April 17, 2020
By: Nago Humbert (Translation from the French by: Elysée Nouvet)
In the midst of this pandemic, as is the norm in humanitarian catastrophes, those suffering from chronic illnesses (diabetes, pulmonary disease, hypertension, kidney failure, mental health, kidney) or cancer often pay the heaviest price. Those responsible at political or public health levels constantly refocus our attention on the immediate and newest catastrophe, and in the process so many other and previously at-risk populations become “the forgotten”.
It is crucial to remember that despite the public health emergency provoked by Covid-19, and the considerable financial and social means activated (with reason) to combat its impact on global health, many have entered this emergency already managing complex health issues. Their precarious health status, their risk of death, their suffering in some cases, predates Covid-19. We have not heard from this population enough in the media. We have not, arguably, been thinking globally even in the midst of a global health emergency.
What is the impact of quasi-confinement, if not imposed isolation and quarantine, on those already seriously ill, frail, or medically vulnerable, before this emergency? What is the impact on this population, of messages from the authorities and experts related to the responsibility to stay home, the possibility or reality of triaging who will get access to hospitals? What is happening to ensure ongoing supply of life-saving medications, such as insulin, or supplies to those who are dependent on these in their homes, especially in low- and middle-income countries where patients and families may have relied on public transit or income from now interrupted wages, to secure these? What support is being provided to families and communities in the midst of lock-downs or risks of links in chains (neighbors, family) of support being unable all of sudden to provide the day to day or weekly care they have?
Medically, we can expect pandemic limits on healthcare services to reverberate in the short and long term. Such impacts were well documented during the Ebola outbreak in West Africa, and this time it is health jurisdictions everywhere that will feel those reverberations. The impact of interrupting standard but efficient diagnostic, preventative, or therapeutic procedures such as mammograms and colonoscopies, may reverberate for years to come at a yet to be measured cost, such as reduced early detection and treatment of common cancers. For some, there are more immediate impacts and risks of increased pain, as sometimes life-transforming surgical procedures, such as hip and knee replacements, are on hold. For those already at risk of dying from chronic disease before the pandemic, added may be the anxiety of dying alone, since families are not allowed to visit their loved ones at their home, in nursing homes, or in intensive care units.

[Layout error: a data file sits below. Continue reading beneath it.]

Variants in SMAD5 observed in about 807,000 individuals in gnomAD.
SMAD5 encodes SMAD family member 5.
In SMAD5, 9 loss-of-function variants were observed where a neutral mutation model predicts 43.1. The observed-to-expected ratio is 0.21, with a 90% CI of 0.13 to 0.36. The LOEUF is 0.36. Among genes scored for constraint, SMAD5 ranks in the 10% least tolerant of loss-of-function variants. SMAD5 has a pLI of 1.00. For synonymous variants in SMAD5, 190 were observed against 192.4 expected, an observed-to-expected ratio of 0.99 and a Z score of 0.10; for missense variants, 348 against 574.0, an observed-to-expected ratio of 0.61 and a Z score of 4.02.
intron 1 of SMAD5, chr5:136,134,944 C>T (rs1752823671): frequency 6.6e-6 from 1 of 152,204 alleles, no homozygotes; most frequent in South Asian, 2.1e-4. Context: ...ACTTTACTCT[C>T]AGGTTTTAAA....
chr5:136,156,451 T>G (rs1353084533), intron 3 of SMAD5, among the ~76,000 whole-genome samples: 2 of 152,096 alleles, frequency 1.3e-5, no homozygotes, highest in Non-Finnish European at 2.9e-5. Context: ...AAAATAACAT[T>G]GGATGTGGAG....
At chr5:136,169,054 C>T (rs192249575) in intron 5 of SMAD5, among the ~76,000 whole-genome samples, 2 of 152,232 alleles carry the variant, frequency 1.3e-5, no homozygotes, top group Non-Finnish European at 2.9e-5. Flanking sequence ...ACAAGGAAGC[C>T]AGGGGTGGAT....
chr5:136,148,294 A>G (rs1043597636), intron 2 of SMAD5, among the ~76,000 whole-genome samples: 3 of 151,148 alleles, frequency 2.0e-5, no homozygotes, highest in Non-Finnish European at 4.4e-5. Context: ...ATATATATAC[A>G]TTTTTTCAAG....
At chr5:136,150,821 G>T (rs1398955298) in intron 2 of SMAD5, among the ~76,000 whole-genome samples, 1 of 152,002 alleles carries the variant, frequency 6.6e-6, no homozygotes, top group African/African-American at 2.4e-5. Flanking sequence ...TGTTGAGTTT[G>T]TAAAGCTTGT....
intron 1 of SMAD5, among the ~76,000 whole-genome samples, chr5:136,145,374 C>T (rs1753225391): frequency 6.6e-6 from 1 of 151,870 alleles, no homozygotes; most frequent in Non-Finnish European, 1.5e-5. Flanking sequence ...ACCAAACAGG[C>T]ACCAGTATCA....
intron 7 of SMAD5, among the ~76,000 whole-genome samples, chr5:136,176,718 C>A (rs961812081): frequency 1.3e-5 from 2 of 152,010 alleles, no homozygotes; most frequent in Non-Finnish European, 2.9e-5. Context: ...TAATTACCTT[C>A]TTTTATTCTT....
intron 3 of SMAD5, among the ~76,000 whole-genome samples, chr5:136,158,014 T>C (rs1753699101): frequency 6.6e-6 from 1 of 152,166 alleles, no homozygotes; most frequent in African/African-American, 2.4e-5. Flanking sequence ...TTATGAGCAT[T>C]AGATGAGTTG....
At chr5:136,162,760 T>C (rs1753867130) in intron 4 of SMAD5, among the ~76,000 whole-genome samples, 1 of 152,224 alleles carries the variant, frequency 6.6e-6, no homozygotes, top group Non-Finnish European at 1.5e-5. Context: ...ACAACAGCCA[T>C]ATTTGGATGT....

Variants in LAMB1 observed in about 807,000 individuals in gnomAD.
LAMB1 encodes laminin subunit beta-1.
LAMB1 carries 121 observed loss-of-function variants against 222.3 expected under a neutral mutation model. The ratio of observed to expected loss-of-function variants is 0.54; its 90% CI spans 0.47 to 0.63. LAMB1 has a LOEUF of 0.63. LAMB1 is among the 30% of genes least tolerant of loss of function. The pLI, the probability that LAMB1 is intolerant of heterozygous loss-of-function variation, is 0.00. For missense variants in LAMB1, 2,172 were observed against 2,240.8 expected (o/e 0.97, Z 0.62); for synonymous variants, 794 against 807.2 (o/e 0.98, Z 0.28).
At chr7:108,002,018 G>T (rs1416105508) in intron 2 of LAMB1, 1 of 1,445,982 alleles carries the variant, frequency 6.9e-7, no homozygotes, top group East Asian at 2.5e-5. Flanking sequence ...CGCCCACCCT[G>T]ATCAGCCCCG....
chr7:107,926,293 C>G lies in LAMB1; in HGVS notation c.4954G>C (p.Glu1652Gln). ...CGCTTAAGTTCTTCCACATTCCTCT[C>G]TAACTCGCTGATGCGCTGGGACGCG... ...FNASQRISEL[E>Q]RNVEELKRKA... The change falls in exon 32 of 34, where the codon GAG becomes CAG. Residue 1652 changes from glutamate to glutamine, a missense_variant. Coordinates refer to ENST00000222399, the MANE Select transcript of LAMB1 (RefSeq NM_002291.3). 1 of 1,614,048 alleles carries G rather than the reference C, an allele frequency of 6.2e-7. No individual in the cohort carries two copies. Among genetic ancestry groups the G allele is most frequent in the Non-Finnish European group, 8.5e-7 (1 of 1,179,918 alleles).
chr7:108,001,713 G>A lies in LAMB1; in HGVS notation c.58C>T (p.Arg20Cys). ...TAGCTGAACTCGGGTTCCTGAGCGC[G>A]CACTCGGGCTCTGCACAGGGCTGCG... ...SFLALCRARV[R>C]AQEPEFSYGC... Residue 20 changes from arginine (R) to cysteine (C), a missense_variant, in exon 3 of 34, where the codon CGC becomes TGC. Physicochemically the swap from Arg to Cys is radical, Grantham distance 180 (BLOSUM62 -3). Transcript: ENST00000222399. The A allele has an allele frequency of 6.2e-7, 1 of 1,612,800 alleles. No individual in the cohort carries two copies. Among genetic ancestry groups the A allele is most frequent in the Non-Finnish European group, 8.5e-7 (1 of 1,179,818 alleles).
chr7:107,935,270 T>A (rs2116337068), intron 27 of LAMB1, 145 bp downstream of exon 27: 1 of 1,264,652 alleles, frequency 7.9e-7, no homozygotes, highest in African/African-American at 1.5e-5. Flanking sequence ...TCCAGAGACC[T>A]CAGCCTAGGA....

How information is presented and disseminated during this major public health and social crisis is also troubling to me. Media is focused almost entirely on the pandemic. Radio and television, in Switzerland as in France, seems to have only one story. What, other than provoking and maintaining a generalized anxiety, is being accomplished by running images such as those coming out of Bergamo at the end of March, or ICUs in Swiss hospitals non-stop? I pose the question without having the answer. I wonder: “Should we not limit images and reports from hospitals to that which is strictly necessary to public health purposes? For example, key information about how to prevent further spread of Covid-19, and thus limit further cases? While internationally, where Covid-19 remains to hit as hard as here in Switzerland, mass depiction of healthcare provider distress and overwhelmed hospitals may serve as an important warning, what do these stories and images accomplish, at the local level, during the pandemic? I am not one for censorship, and yet I do wonder what exactly such stories of raw grief, of body bags, and abandoned patients produce? There is one thing these images from pandemic epicentres produce. With the hypervisibility of pandemic horrors, what we have seen is the eclipsing of medical conditions and biomedically dependent lives. These were rarely if ever media-worthy, but this cannot justify their total erasure.
I cannot finish these few reflections on the collateral effects of this pandemic, without thinking of the vulnerable populations, particularly those in Africa, who will pay a double price in this disaster. This is, on the one hand, because of the lack of health structures, means, and health personnel. It is also, however, due to so many comorbidities including poverty (even if poverty is not in itself a disease) endemic to so many on the African continent. The risk of social abandonment of those most vulnerable is both global and local.
Prof Nago Humbert is Adjunct Professor in the Department of Pediatrics of the Faculty of Medicine of the University of Montreal, and Founding President of Médecins du Monde Switzerland. He is a consultant in pediatric palliative care and he is also President of the French-speaking Network in pediatric palliative care.